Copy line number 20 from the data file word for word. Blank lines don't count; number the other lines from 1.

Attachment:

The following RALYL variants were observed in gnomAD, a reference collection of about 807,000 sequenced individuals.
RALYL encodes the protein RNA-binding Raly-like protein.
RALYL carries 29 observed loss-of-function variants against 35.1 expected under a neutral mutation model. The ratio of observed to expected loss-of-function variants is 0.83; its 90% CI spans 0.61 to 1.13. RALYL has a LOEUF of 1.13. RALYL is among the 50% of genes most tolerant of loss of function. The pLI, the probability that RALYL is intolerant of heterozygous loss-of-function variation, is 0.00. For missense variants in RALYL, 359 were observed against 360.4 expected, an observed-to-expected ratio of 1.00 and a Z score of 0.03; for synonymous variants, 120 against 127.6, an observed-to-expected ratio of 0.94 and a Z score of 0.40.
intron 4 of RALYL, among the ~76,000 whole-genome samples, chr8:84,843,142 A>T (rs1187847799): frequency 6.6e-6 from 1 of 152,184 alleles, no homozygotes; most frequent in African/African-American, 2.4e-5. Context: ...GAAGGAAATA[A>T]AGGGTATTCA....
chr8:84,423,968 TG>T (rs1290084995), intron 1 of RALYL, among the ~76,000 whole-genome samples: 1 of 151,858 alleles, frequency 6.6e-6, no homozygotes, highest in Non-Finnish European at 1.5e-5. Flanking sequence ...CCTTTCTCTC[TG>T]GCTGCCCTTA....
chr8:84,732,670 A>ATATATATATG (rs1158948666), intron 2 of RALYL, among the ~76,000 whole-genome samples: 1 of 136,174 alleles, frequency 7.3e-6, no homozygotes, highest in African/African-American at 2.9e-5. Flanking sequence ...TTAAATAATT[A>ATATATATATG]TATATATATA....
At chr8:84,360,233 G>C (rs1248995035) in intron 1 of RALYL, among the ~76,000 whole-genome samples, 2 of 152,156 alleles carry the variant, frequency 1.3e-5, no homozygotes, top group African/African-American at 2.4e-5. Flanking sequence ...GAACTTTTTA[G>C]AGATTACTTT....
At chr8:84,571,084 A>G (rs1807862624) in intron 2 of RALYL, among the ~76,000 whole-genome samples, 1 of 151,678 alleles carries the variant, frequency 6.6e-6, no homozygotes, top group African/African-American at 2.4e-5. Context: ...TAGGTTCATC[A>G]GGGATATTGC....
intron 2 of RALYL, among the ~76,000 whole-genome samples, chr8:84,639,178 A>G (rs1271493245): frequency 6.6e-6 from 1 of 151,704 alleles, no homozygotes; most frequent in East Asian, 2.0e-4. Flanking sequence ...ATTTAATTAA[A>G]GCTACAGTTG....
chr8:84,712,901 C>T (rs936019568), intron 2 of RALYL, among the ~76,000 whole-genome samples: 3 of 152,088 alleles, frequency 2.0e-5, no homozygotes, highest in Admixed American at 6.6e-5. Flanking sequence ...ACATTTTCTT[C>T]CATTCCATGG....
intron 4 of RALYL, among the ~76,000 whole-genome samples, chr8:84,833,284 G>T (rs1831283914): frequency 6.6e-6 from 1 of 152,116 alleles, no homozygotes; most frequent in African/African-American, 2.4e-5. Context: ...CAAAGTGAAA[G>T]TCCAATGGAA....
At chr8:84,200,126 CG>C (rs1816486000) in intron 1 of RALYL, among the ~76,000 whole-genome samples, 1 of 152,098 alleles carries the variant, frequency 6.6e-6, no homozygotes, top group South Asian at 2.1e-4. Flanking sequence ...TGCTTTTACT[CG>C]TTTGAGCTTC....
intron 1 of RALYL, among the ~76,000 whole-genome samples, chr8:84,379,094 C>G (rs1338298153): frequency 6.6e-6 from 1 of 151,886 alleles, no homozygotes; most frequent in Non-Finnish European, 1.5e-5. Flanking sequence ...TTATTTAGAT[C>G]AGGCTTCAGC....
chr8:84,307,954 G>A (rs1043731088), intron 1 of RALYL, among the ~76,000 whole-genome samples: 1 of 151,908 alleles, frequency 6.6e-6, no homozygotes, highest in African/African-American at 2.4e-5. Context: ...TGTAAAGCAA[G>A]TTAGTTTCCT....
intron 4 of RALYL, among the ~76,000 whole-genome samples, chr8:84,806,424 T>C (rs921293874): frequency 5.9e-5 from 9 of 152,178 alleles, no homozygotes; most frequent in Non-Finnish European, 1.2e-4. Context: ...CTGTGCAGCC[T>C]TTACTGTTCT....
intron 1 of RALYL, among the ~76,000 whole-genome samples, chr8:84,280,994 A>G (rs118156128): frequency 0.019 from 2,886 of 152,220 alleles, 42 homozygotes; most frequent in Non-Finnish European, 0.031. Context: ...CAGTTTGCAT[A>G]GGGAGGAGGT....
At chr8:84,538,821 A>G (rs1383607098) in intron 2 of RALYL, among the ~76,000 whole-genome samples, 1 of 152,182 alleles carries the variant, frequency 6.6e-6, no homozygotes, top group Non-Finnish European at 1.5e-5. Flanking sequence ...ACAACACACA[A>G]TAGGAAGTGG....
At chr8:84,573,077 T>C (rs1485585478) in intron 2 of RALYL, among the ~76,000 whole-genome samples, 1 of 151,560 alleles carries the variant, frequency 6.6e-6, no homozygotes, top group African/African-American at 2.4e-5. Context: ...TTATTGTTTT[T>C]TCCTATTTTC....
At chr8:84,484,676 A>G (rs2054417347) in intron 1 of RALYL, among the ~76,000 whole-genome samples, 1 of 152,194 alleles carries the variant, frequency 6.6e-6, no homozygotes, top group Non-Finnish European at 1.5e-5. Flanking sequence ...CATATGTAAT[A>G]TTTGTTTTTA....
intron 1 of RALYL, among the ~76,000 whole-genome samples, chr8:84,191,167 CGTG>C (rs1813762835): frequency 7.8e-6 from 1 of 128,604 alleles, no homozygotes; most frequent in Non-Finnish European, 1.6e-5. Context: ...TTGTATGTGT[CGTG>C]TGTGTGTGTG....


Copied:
intron 1 of RALYL, among the ~76,000 whole-genome samples, chr8:84,191,167 CGTG>C (rs1813762835): frequency 7.8e-6 from 1 of 128,604 alleles, no homozygotes; most frequent in Non-Finnish European, 1.6e-5. Context: ...TTGTATGTGT[CGTG>C]TGTGTGTGTG....